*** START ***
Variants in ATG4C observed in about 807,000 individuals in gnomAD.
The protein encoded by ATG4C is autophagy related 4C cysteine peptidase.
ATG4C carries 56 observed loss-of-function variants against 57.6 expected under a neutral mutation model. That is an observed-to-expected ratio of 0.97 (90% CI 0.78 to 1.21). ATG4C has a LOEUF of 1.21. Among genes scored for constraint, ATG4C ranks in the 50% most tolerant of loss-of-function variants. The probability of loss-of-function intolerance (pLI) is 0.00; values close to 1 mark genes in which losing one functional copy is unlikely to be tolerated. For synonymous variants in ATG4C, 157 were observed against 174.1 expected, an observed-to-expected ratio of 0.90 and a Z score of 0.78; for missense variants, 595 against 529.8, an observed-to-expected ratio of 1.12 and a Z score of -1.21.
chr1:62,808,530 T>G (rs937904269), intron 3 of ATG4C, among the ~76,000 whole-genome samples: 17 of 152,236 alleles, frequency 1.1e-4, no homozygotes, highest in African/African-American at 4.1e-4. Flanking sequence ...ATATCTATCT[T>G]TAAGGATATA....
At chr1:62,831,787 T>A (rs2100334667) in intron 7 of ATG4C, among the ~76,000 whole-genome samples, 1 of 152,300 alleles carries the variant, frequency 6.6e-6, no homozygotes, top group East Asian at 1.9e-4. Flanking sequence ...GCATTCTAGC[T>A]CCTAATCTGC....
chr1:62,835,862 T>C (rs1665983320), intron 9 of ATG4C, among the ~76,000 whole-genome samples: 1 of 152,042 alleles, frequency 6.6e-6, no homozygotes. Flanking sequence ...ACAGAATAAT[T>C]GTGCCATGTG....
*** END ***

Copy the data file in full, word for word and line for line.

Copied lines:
Variants in ATG4C observed in about 807,000 individuals in gnomAD.
The protein encoded by ATG4C is autophagy related 4C cysteine peptidase.
ATG4C carries 56 observed loss-of-function variants against 57.6 expected under a neutral mutation model. That is an observed-to-expected ratio of 0.97 (90% CI 0.78 to 1.21). ATG4C has a LOEUF of 1.21. Among genes scored for constraint, ATG4C ranks in the 50% most tolerant of loss-of-function variants. The probability of loss-of-function intolerance (pLI) is 0.00; values close to 1 mark genes in which losing one functional copy is unlikely to be tolerated. For synonymous variants in ATG4C, 157 were observed against 174.1 expected, an observed-to-expected ratio of 0.90 and a Z score of 0.78; for missense variants, 595 against 529.8, an observed-to-expected ratio of 1.12 and a Z score of -1.21.
chr1:62,808,530 T>G (rs937904269), intron 3 of ATG4C, among the ~76,000 whole-genome samples: 17 of 152,236 alleles, frequency 1.1e-4, no homozygotes, highest in African/African-American at 4.1e-4. Flanking sequence ...ATATCTATCT[T>G]TAAGGATATA....
At chr1:62,831,787 T>A (rs2100334667) in intron 7 of ATG4C, among the ~76,000 whole-genome samples, 1 of 152,300 alleles carries the variant, frequency 6.6e-6, no homozygotes, top group East Asian at 1.9e-4. Flanking sequence ...GCATTCTAGC[T>A]CCTAATCTGC....
chr1:62,835,862 T>C (rs1665983320), intron 9 of ATG4C, among the ~76,000 whole-genome samples: 1 of 152,042 alleles, frequency 6.6e-6, no homozygotes. Flanking sequence ...ACAGAATAAT[T>C]GTGCCATGTG....